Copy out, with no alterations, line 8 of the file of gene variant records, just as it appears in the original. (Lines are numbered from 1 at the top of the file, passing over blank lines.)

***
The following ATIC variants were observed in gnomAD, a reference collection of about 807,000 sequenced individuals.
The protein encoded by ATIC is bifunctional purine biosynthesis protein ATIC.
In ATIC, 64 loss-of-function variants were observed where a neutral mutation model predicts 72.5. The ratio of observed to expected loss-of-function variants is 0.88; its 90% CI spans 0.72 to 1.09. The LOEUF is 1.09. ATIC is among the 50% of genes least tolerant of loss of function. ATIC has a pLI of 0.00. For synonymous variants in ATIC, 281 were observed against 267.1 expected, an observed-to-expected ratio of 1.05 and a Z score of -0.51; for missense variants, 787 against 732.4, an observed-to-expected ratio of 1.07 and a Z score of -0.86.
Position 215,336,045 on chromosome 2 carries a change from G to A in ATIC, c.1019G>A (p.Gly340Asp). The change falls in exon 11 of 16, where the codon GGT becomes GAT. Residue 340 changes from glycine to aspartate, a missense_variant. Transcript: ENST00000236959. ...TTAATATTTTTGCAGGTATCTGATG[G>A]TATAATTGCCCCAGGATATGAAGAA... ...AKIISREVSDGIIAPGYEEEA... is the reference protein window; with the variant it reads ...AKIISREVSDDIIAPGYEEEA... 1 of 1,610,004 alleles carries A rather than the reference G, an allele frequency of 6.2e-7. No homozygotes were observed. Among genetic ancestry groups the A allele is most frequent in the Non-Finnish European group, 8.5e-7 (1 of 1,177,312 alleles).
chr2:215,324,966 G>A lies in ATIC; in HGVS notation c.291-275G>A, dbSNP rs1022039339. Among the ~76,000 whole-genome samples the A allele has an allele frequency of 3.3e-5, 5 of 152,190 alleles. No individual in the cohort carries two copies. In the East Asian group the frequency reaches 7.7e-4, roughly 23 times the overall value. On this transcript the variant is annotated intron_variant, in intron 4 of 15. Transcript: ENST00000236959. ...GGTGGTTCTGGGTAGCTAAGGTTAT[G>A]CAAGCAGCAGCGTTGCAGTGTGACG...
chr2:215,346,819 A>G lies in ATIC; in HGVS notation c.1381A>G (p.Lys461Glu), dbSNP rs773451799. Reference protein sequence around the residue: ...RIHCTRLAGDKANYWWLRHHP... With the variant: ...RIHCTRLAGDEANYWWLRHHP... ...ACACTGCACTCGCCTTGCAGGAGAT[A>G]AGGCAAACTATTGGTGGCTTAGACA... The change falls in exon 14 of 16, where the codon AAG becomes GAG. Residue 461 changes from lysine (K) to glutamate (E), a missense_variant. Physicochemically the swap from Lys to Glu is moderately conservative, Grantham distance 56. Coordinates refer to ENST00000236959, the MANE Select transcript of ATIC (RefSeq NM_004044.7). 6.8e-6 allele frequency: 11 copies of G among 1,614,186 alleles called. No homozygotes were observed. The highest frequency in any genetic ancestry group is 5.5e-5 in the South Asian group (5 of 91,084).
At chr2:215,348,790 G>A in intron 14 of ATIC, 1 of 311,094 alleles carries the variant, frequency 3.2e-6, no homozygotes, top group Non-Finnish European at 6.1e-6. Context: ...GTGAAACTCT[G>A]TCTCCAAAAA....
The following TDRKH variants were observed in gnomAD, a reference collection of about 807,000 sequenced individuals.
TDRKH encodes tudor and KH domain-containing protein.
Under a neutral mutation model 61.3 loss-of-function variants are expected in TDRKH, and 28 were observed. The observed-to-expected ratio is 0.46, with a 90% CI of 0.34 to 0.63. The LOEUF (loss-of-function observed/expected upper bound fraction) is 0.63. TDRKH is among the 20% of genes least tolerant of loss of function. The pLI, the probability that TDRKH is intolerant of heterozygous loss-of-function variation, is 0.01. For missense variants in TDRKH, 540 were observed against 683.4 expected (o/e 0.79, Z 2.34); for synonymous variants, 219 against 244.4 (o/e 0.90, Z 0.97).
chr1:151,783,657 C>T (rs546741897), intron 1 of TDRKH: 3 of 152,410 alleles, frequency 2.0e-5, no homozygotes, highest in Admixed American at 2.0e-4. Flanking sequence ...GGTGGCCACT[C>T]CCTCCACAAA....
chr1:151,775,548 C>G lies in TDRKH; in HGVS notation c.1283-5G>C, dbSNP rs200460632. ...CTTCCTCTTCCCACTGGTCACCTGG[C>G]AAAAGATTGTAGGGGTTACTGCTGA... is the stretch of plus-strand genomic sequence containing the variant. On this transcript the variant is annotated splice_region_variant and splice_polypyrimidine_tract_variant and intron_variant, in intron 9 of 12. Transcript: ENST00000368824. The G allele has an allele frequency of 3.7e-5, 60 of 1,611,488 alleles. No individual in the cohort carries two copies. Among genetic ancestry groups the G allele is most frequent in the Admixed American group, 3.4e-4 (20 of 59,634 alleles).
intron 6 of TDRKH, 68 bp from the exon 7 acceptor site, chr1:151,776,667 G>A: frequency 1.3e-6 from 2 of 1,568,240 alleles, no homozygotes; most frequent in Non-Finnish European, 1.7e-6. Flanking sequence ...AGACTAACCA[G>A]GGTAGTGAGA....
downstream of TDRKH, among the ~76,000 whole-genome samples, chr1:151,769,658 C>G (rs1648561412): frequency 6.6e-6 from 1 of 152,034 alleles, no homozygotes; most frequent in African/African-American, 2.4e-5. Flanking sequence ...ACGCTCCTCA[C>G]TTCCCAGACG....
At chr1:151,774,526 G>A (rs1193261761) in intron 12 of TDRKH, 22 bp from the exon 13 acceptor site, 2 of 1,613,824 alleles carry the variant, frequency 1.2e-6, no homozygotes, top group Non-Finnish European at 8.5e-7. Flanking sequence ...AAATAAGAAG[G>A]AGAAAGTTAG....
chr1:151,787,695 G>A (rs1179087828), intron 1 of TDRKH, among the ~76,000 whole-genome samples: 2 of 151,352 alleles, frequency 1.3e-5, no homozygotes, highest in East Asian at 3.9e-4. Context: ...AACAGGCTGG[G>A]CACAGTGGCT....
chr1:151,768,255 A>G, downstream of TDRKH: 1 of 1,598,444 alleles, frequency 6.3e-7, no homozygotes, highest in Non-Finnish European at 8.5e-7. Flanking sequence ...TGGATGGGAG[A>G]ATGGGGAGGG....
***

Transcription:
The following TDRKH variants were observed in gnomAD, a reference collection of about 807,000 sequenced individuals.